The Bank of England said on Thursday that all banks in Britain should build up their capital reserves to have a larger buffer against the “exceptionally threatening” financial environment.
The euro zone crisis, with contagion still not contained, means that banks may suffer from exposure to Portgual, Italy, Spain, Greece, or a number of other highly indebted nations.
The Bank’s interim Financial Policy Committee has issued advice for British banks on how to build up their cash assets. Firstly, they have recommended that banks cut back on dividends and bonuses paid to shareholders and executives.
They have also recommended bringing more shareholders into the fold, by issuing new shares, as a way to build enough capital to protect themselves from a eurozone state’s default.
The Financial Policy Committee (FPC) has also recommended that banks do not stop lending in order to keep growth targets on track.
However, the FPC has suggested that it does not trust how banks are reporting their debt status, as it suggested they be ordered to public leverage ratios starting in 2013. This is two years earlier than the requirements from international Basel III rules.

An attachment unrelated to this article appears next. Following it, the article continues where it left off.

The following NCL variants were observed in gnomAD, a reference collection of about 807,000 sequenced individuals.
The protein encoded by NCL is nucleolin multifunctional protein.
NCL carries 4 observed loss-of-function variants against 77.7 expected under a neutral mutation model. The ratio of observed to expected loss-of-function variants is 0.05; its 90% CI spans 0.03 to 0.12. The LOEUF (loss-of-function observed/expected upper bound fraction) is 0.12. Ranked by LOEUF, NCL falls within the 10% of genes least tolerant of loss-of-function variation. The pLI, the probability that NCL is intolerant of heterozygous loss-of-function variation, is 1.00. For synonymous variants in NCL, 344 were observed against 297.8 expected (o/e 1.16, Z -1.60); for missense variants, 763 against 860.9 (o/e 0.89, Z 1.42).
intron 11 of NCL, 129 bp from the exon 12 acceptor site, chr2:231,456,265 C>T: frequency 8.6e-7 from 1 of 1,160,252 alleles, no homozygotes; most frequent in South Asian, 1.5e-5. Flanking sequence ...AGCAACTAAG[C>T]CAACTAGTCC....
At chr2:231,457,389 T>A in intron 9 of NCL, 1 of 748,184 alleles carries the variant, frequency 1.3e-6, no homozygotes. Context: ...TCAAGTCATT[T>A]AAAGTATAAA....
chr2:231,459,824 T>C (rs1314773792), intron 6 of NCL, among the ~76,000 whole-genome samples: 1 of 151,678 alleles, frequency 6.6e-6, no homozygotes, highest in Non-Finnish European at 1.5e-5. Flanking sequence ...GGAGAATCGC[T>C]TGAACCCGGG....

The interim FPC, chaired by Bank Governor Mervyn King, currently only has an advisory role. However, it is expected to become Britain’s top financial regulation organisation by the start of 2013 due to new laws that are being passed.
Along with other recommendations, the FPC reported what the markets have made known for months: the euro zone debt crisis is the top threat to Britain’s economy, and particularly Britain’s banking system.
Because of this threat, the FPC has told banks to “limit distributions” and “give serious consideration to raising external capital.”
However, analysts say British banks will likely not heed the FPC’s warnings. Banks typically try to shirk what the chief executive of RBS calls “onerous regulation.” Bankers feel that too much regulation makes British banks a poor place to invest, which then hurts the banks’ ability to lend.
Many also feel that further measures are unnecessary, as a key measure of bank stability, Tier 1 capital ratios, were well above 12% for UK banks in the first half of the year. Analysts say this put UK banks among the highest and most stable in the world, and that the percentage was high above levels before the financial crisis.